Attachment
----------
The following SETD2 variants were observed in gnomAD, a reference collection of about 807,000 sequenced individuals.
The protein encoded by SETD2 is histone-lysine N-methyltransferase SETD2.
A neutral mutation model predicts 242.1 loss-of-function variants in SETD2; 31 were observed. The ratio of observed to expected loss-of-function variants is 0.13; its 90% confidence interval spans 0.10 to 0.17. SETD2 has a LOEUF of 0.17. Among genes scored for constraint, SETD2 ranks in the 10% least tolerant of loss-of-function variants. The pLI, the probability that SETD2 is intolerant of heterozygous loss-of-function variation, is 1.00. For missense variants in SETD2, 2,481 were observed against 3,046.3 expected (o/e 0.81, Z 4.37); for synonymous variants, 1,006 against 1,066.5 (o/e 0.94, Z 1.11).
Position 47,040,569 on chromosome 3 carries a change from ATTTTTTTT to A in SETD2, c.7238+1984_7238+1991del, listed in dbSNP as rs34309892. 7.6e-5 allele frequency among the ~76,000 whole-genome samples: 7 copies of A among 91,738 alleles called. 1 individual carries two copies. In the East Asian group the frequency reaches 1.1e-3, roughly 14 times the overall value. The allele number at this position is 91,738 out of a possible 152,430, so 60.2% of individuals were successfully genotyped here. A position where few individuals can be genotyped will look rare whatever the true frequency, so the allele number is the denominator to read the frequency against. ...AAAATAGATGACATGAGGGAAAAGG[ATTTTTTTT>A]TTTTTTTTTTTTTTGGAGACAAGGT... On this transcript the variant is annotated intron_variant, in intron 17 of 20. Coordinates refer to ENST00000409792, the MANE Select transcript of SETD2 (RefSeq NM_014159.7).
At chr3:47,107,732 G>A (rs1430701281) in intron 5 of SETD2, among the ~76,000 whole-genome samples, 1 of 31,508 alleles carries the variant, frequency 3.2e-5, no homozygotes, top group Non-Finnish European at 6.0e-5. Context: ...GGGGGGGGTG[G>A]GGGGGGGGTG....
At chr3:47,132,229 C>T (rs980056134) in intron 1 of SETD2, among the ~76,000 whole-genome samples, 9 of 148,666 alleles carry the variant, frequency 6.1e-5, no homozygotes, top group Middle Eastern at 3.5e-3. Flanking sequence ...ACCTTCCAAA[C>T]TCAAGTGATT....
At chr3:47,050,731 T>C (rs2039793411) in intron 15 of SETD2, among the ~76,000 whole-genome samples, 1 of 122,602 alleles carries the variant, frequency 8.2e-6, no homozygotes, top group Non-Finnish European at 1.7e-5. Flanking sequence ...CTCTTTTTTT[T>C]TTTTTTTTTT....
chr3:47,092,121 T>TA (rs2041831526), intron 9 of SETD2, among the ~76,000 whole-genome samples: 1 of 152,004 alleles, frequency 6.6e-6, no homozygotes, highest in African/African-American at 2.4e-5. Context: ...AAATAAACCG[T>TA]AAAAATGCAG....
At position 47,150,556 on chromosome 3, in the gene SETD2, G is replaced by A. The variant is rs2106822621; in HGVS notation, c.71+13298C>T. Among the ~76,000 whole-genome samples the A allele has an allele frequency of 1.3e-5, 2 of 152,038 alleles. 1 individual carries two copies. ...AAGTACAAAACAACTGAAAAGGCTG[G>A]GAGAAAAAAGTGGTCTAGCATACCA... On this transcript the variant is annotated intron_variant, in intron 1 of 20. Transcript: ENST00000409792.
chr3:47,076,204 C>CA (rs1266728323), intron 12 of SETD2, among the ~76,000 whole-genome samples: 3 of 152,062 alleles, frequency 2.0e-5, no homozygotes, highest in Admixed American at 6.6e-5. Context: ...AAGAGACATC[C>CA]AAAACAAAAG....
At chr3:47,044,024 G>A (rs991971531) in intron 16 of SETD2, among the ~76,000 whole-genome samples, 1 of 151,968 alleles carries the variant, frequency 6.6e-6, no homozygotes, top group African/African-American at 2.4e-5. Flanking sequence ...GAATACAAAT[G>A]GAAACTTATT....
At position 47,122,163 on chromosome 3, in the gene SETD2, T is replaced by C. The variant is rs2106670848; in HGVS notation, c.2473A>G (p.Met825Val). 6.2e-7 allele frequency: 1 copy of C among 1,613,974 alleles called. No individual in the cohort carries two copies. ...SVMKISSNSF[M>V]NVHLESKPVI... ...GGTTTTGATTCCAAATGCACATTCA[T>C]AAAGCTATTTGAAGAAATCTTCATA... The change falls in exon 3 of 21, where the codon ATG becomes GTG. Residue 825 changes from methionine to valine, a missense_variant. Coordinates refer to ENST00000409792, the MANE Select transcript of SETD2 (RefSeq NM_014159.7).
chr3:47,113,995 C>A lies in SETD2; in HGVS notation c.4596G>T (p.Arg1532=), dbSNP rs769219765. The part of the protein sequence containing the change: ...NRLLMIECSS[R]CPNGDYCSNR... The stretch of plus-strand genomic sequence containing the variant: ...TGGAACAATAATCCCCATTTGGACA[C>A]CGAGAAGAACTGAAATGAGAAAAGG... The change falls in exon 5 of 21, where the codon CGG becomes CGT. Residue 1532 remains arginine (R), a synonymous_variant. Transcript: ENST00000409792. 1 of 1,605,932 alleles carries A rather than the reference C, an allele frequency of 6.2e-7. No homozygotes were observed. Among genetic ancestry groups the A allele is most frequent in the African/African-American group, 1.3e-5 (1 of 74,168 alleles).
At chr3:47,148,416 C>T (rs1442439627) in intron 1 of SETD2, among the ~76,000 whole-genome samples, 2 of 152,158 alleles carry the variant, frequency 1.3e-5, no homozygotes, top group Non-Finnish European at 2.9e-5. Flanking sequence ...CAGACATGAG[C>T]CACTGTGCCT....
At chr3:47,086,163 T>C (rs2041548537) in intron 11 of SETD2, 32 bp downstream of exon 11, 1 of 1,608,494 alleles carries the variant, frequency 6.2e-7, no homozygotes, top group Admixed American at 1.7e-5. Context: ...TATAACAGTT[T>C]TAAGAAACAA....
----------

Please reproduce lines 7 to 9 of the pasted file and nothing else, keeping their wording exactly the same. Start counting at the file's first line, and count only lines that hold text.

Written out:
At chr3:47,050,731 T>C (rs2039793411) in intron 15 of SETD2, among the ~76,000 whole-genome samples, 1 of 122,602 alleles carries the variant, frequency 8.2e-6, no homozygotes, top group Non-Finnish European at 1.7e-5. Flanking sequence ...CTCTTTTTTT[T>C]TTTTTTTTTT....
chr3:47,092,121 T>TA (rs2041831526), intron 9 of SETD2, among the ~76,000 whole-genome samples: 1 of 152,004 alleles, frequency 6.6e-6, no homozygotes, highest in African/African-American at 2.4e-5. Context: ...AAATAAACCG[T>TA]AAAAATGCAG....
At position 47,150,556 on chromosome 3, in the gene SETD2, G is replaced by A. The variant is rs2106822621; in HGVS notation, c.71+13298C>T. Among the ~76,000 whole-genome samples the A allele has an allele frequency of 1.3e-5, 2 of 152,038 alleles. 1 individual carries two copies. ...AAGTACAAAACAACTGAAAAGGCTG[G>A]GAGAAAAAAGTGGTCTAGCATACCA... On this transcript the variant is annotated intron_variant, in intron 1 of 20. Transcript: ENST00000409792.